As of May 2020, the global health crisis caused by the SARS-CoV-2 virus moves its epicentre to Latin America, with cities showing high rates of poverty, segregation, and overcrowding. Current advances in microbiology make it possible to understand in depth the relationships between cities, COVID-19, and other microorganisms, but a conceptual framework to articulate them is lacking, especially in contexts where social determinants are so relevant. This article proposes an integrated approach to microbiology, housing, environment, and urbanism, based on a model of interactions and an empirical analysis applied to Santiago de Chile. It was possible to analyse how the propagation of COVID-19 in the city is enhanced by vulnerabilities of socio-spatial, residential and urban health, including an approach from the concept of energy poverty. At the same time, it was possible to verify how the variables associated with these vulnerabilities allowed to explain the incidence rate per 100 000 inhabitants through the different communes of Santiago de Chile. Among these, the level of housing overcrowding, the number of households with heads of household in precarious employment, and travel to the central business district stand out. Finally, the need for microbiological sampling to improve housing conditions, neighbourhoods, and cities propose a new research agenda for this Urban Microbiome" multidisciplinary team, contributing to overcoming the vulnerabilities identified in this research.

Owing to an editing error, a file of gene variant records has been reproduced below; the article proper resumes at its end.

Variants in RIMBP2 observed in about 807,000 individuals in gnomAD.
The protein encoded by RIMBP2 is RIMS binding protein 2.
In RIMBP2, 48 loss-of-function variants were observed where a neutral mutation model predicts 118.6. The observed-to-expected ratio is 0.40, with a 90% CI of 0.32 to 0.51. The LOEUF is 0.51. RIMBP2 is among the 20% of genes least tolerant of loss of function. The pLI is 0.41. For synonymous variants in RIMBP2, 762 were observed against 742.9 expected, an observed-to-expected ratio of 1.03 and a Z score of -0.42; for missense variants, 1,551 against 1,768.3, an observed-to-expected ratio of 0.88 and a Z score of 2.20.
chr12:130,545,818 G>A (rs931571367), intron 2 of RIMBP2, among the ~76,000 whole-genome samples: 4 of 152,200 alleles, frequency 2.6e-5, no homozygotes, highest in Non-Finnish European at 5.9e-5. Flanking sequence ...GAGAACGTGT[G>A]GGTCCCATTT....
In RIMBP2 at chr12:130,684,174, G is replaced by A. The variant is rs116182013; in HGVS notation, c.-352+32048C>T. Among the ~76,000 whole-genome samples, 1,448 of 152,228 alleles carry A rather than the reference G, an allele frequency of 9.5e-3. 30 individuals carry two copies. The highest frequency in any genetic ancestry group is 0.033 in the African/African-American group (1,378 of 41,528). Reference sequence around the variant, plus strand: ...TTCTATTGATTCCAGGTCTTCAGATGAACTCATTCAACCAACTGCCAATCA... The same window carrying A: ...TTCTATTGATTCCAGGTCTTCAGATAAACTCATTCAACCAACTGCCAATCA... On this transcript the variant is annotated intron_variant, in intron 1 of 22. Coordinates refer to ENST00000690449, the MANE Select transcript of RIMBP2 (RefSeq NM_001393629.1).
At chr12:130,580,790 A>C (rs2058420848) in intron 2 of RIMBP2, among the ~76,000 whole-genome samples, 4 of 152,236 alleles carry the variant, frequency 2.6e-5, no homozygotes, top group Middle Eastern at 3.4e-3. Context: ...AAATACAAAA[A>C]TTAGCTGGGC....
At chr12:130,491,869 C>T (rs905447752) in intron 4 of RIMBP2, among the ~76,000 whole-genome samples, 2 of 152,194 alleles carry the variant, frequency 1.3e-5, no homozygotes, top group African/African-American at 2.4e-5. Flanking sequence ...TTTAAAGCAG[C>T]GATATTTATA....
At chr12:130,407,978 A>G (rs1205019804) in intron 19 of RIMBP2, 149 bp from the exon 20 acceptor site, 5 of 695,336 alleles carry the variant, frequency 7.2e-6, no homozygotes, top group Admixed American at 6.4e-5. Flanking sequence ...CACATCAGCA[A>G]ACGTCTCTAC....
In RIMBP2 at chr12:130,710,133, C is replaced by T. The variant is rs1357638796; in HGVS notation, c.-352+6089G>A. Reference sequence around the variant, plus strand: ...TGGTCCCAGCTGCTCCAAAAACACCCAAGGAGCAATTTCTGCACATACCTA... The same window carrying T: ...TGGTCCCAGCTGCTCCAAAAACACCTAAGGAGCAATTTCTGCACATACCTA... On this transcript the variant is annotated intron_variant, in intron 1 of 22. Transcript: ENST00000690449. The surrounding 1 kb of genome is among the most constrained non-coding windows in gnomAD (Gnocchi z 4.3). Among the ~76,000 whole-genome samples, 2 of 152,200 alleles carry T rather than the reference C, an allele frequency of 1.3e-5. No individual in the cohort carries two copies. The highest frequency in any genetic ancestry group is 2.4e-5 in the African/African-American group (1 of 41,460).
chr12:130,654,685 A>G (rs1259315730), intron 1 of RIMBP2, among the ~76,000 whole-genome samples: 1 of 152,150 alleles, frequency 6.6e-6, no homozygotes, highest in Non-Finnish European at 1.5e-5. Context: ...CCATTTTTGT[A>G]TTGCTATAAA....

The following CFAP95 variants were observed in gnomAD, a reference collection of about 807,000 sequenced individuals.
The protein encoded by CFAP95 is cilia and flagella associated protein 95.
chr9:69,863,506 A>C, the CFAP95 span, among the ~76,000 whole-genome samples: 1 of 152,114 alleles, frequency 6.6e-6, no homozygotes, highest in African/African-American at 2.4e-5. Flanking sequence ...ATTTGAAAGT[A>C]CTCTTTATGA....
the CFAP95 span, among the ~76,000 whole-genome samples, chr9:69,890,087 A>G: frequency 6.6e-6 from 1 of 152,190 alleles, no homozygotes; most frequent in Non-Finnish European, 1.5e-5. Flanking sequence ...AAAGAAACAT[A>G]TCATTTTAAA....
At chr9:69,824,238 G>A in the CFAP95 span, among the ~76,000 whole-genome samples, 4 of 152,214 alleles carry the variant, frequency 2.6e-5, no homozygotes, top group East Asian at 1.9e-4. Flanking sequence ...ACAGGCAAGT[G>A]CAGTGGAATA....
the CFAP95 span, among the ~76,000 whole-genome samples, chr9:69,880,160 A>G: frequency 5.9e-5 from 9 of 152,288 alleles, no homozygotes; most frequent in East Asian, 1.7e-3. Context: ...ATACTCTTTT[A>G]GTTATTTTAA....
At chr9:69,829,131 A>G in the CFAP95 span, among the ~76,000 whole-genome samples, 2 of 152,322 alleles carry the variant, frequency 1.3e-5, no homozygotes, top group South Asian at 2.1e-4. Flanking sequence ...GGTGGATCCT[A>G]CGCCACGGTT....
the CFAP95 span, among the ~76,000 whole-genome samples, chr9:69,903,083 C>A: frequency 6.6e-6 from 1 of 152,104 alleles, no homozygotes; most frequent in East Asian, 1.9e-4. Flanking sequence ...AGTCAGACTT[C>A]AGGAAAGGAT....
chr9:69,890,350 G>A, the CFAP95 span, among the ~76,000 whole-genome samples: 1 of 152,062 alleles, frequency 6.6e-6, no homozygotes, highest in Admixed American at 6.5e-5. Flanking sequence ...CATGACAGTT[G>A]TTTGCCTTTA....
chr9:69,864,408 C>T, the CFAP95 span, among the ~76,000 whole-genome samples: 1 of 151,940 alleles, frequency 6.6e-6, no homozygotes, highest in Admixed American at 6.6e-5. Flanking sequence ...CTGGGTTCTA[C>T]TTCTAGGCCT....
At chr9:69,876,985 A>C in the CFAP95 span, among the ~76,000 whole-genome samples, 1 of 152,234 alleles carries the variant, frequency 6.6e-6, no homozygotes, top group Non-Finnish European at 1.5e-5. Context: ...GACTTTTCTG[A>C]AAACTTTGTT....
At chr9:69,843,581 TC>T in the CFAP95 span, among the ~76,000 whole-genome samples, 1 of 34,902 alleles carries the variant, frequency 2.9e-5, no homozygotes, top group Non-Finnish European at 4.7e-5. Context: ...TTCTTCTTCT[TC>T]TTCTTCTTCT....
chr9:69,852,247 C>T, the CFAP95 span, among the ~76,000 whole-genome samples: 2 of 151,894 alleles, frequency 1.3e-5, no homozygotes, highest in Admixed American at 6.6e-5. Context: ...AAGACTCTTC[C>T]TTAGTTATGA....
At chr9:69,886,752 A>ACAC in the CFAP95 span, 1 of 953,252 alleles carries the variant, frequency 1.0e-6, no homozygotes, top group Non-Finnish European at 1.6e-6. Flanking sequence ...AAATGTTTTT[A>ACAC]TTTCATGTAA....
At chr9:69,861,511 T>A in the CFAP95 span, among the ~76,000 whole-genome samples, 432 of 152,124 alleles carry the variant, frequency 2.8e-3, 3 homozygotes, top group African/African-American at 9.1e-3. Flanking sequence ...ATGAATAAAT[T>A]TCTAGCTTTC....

|Translated title of the contribution||Covid-19 and city: Towards an integrated model of housing, microbiology, environment and urbanism|
|Journal||Architecture, City and Environment|
|State||Published - Jun 2021|